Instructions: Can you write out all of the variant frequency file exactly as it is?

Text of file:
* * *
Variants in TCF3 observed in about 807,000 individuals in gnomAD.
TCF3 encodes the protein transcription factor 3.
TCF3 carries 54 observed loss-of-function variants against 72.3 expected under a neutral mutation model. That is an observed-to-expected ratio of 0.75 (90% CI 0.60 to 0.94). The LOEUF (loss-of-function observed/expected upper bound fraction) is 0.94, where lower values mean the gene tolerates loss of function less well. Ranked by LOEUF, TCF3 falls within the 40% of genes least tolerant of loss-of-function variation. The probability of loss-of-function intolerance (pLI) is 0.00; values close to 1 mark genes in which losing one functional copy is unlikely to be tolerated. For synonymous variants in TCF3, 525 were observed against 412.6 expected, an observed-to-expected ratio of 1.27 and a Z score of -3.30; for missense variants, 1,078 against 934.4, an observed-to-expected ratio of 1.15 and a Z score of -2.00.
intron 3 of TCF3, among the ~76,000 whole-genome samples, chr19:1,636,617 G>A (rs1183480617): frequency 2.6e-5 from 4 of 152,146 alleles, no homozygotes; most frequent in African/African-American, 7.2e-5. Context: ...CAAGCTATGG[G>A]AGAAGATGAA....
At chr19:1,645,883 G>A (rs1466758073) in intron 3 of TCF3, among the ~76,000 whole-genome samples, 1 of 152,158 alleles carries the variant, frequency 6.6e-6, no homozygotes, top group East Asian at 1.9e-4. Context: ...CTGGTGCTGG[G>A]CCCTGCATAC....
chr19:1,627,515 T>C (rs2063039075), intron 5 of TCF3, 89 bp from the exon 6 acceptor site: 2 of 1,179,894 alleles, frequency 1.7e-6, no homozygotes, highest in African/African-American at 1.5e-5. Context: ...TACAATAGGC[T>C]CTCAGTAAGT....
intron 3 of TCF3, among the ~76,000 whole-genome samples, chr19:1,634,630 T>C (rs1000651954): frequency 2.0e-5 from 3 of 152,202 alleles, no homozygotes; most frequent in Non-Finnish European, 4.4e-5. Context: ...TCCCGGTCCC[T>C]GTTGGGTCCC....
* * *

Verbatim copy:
Variants in TCF3 observed in about 807,000 individuals in gnomAD.
TCF3 encodes the protein transcription factor 3.
TCF3 carries 54 observed loss-of-function variants against 72.3 expected under a neutral mutation model. That is an observed-to-expected ratio of 0.75 (90% CI 0.60 to 0.94). The LOEUF (loss-of-function observed/expected upper bound fraction) is 0.94, where lower values mean the gene tolerates loss of function less well. Ranked by LOEUF, TCF3 falls within the 40% of genes least tolerant of loss-of-function variation. The probability of loss-of-function intolerance (pLI) is 0.00; values close to 1 mark genes in which losing one functional copy is unlikely to be tolerated. For synonymous variants in TCF3, 525 were observed against 412.6 expected, an observed-to-expected ratio of 1.27 and a Z score of -3.30; for missense variants, 1,078 against 934.4, an observed-to-expected ratio of 1.15 and a Z score of -2.00.
intron 3 of TCF3, among the ~76,000 whole-genome samples, chr19:1,636,617 G>A (rs1183480617): frequency 2.6e-5 from 4 of 152,146 alleles, no homozygotes; most frequent in African/African-American, 7.2e-5. Context: ...CAAGCTATGG[G>A]AGAAGATGAA....
At chr19:1,645,883 G>A (rs1466758073) in intron 3 of TCF3, among the ~76,000 whole-genome samples, 1 of 152,158 alleles carries the variant, frequency 6.6e-6, no homozygotes, top group East Asian at 1.9e-4. Context: ...CTGGTGCTGG[G>A]CCCTGCATAC....
chr19:1,627,515 T>C (rs2063039075), intron 5 of TCF3, 89 bp from the exon 6 acceptor site: 2 of 1,179,894 alleles, frequency 1.7e-6, no homozygotes, highest in African/African-American at 1.5e-5. Context: ...TACAATAGGC[T>C]CTCAGTAAGT....
intron 3 of TCF3, among the ~76,000 whole-genome samples, chr19:1,634,630 T>C (rs1000651954): frequency 2.0e-5 from 3 of 152,202 alleles, no homozygotes; most frequent in Non-Finnish European, 4.4e-5. Context: ...TCCCGGTCCC[T>C]GTTGGGTCCC....